Federal appeals court rules Wisconsin voter ID law must be re-examined News
Federal appeals court rules Wisconsin voter ID law must be re-examined

[JURIST] The US Court of Appeals for the Seventh Circuit Court [official website] ruled [opinion, PDF] Tuesday that the district court must review Wisconsin’s voter ID law to determine whether broad application constitutes an equal protection violation. The law [materials] requires “certain [photographic] identification in order to vote at a polling place or obtain an absentee ballot.” The American Civil Liberties Union (ACLU) [advocacy website] is challenging this statute on the grounds that undue burdens upon certain individuals in acquiring a valid ID should excuse them from this law. The court acknowledged the significance of this issue, stating that “[t]he right to vote is personal and is not defeated by the fact that 99% of other people can secure the necessary credentials easily.” Wisconsin contends that the voter ID law is very similar to Indiana’s voter ID law, which was upheld as constitutional by the Supreme Court [official website]. The appeals court agreed, but distinguished the two laws due to Indiana’s safety net for individuals unable to obtain a valid ID for financial or religious reasons, which was not present in Wisconsin. The court suggested the lower court examine the workings of the states’ voting system before deciding upon the merits of the ACLU’s contentions.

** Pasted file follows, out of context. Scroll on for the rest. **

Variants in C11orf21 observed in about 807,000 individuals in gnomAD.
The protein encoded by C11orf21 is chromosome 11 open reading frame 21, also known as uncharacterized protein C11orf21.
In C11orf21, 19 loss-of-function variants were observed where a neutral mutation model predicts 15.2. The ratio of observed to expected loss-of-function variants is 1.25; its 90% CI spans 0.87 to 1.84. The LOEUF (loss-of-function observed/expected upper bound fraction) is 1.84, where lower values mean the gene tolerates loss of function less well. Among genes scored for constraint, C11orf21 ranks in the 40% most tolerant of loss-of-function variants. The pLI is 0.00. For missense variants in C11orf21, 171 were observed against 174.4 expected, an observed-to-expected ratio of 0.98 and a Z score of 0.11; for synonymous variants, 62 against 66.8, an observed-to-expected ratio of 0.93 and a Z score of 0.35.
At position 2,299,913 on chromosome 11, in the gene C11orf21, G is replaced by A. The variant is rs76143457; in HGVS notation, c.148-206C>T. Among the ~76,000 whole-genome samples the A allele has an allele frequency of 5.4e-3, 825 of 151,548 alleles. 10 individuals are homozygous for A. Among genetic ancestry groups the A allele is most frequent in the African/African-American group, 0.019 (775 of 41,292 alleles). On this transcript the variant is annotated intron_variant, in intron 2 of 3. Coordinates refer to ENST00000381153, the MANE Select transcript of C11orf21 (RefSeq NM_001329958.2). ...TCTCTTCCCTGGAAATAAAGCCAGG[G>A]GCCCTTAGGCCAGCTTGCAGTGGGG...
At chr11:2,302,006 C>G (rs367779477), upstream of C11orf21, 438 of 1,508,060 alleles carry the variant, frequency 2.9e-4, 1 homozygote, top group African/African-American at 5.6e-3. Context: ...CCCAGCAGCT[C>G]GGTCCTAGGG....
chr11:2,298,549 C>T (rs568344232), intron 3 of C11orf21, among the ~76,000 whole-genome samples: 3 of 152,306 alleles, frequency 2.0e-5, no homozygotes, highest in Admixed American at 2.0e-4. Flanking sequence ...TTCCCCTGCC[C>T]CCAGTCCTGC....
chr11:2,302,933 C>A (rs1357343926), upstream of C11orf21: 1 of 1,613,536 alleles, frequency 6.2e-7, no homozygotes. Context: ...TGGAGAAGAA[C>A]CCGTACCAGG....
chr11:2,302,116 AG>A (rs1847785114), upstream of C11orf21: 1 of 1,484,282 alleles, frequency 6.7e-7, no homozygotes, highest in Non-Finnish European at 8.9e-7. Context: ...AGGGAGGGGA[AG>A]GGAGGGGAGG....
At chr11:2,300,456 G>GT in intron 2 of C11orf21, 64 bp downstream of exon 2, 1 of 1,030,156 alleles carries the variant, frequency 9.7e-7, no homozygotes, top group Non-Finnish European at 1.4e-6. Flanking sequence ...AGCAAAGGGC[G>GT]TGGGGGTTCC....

Voting rights remain a controversial legal issue in the US. Earlier this month the US Court of Appeals for the Fifth Circuit agreed to reconsider [JURIST report] Texas’ voter ID law. In January a North Carolina District Court declined to grant [JURIST report] a motion enjoining the state from implementing its voter identification law in the most recent primary. In May the New Hampshire Supreme Court struck down [JURIST report] a 2012 law requiring voters to be state residents, not just domiciled in the state. In March of last year Oregon Governor Kate Brown signed a new law [JURIST report] that made Oregon the first state in the nation to institute automatic voter registration. A federal appeals court rejected [JURIST report] a Kansas rule that required prospective voters to show proof-of-citizenship documents before registering using a federal voter registration form in November 2014.